Silvestre de Escalante and Francisco Dominguez, two Spanish Franciscan priests, leave Santa Fe for an epic journey through the Southwest.
Escalante and Dominguez hoped to blaze a trail from New Mexico to Monterey, California, but their main goal was to visit with the native inhabitants and convert as many as possible to the Catholic faith. On this day in 1776, the two priests and seven men left the Spanish frontier town of Santa Fe and headed northwest into what is today the state of Colorado. They continued north, exploring the rugged Great Basin and canyon land country of Utah.
Initially, the priests made good time, and by mid-September, they had reached Utah Lake, just to the south of the Great Salt Lake in northern Utah. There, they found Indians who Dominguez described as “the most docile and affable nation of all that have been known in these regions.” They quickly set about preaching the Gospel, reportedly with “such happy results that they are awaiting Spaniards so that they might become Christians.”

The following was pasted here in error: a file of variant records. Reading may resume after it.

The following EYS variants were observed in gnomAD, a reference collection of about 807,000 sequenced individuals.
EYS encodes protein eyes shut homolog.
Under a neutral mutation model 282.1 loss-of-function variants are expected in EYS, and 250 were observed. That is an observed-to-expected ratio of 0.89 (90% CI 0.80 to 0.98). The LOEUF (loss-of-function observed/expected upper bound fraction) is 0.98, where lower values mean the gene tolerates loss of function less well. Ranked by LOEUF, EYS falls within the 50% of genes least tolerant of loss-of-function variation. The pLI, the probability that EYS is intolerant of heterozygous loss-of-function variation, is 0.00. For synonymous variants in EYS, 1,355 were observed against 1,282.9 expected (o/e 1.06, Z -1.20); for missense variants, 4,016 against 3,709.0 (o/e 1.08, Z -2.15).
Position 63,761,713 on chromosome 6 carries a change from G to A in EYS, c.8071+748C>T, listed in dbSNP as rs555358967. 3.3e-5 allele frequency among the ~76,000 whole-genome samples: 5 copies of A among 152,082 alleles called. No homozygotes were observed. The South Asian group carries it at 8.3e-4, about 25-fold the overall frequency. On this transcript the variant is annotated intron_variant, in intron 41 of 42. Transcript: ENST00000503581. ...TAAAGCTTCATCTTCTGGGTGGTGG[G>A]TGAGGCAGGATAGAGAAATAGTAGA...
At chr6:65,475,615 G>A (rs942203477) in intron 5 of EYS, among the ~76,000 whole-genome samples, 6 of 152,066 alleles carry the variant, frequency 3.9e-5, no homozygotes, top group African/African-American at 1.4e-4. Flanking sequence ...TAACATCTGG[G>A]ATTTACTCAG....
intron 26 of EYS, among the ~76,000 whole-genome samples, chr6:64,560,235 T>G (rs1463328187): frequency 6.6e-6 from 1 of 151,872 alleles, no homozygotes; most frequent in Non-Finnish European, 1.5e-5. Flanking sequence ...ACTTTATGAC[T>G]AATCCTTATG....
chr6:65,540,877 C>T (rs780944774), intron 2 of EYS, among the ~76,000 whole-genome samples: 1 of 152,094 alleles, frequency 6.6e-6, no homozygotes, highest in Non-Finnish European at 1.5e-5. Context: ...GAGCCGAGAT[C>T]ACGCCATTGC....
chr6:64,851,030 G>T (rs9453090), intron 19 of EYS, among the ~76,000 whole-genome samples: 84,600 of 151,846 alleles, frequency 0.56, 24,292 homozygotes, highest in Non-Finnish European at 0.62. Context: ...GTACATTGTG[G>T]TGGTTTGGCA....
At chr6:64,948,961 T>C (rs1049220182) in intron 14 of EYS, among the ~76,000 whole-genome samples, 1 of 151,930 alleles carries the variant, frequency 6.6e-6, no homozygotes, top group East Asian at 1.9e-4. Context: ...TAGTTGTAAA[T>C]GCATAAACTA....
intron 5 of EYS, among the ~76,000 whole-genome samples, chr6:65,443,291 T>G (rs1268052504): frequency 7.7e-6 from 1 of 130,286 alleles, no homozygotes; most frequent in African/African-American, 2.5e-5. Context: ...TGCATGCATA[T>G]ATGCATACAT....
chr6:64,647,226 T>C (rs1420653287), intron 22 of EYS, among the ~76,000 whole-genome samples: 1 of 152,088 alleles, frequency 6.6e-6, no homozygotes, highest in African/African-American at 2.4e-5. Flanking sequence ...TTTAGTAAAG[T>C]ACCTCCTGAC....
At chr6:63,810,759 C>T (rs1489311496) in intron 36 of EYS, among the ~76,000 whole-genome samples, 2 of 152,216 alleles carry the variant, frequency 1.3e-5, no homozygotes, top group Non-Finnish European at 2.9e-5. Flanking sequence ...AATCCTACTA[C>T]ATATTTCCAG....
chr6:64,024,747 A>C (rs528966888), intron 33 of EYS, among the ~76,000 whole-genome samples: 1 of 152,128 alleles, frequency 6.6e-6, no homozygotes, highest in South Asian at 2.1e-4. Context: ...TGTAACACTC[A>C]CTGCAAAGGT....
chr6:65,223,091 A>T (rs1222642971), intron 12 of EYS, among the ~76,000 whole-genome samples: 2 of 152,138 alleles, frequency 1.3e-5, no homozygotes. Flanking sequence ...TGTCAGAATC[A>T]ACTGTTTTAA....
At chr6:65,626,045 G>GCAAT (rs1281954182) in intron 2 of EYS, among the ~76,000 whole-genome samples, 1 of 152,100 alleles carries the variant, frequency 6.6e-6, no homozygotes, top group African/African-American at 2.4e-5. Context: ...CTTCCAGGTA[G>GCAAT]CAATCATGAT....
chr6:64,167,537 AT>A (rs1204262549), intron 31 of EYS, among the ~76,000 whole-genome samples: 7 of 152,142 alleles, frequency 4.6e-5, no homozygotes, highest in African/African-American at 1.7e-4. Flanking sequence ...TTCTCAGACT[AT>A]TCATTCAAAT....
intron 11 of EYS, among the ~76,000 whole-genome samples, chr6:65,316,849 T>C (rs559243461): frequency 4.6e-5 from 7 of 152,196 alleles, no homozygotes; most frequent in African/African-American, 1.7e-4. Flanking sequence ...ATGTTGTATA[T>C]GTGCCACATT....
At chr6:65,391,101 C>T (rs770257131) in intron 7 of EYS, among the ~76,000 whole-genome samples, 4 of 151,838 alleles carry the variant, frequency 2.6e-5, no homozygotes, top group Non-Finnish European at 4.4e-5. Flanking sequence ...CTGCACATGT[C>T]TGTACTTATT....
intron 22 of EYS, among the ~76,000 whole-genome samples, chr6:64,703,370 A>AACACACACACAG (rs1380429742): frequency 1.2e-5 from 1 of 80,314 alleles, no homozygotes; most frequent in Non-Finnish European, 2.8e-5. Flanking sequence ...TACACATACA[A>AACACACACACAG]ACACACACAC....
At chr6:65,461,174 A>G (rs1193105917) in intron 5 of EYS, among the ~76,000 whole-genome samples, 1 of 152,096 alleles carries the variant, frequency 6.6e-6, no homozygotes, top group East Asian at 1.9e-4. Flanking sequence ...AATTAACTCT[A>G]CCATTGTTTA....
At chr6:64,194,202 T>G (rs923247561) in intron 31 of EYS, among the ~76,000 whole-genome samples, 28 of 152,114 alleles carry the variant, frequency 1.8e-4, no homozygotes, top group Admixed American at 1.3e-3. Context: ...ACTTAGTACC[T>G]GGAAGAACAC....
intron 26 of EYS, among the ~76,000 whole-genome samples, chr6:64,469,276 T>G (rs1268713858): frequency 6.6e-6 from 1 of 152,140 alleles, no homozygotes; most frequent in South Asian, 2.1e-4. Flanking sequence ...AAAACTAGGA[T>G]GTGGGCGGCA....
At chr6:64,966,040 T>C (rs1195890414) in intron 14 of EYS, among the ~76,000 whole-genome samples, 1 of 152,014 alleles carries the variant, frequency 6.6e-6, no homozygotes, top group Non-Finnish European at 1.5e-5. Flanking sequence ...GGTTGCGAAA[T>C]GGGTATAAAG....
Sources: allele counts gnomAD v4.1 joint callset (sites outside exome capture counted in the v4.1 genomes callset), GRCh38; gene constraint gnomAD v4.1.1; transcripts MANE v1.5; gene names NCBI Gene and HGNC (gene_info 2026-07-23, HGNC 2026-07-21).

By early October, winter was approaching. Traveling through high mountain passes, Escalante and Dominguez began to encounter fierce snowstorms. Accustomed to desert living, the priests were unequipped to deal with snow and bitter cold, and they soon ran short of provisions. They abandoned the goal of reaching California and headed back for Santa Fe. During the long journey home, they very nearly starved to death. The men ate their horses first. When the horseflesh was gone, they ate only prickly pear cactus.
On January 2, 1777, the exhausted men staggered into Santa Fe. They had traveled nearly 1,700 miles in just 159 days through some of the roughest country in the southwest, yet all nine members of the party made it home safely. Escalante and Dominguez had failed in their goal of finding a route to Monterey, and to their keen disappointment, the New Mexican missionaries showed little interest in following up their initial proselytizing with the Utah Indians.
Nonetheless, the two intrepid priests were the first to explore extensively the Great Basin country of the Southwest. Escalante’s written account of the expedition became an essential guide to future explorers.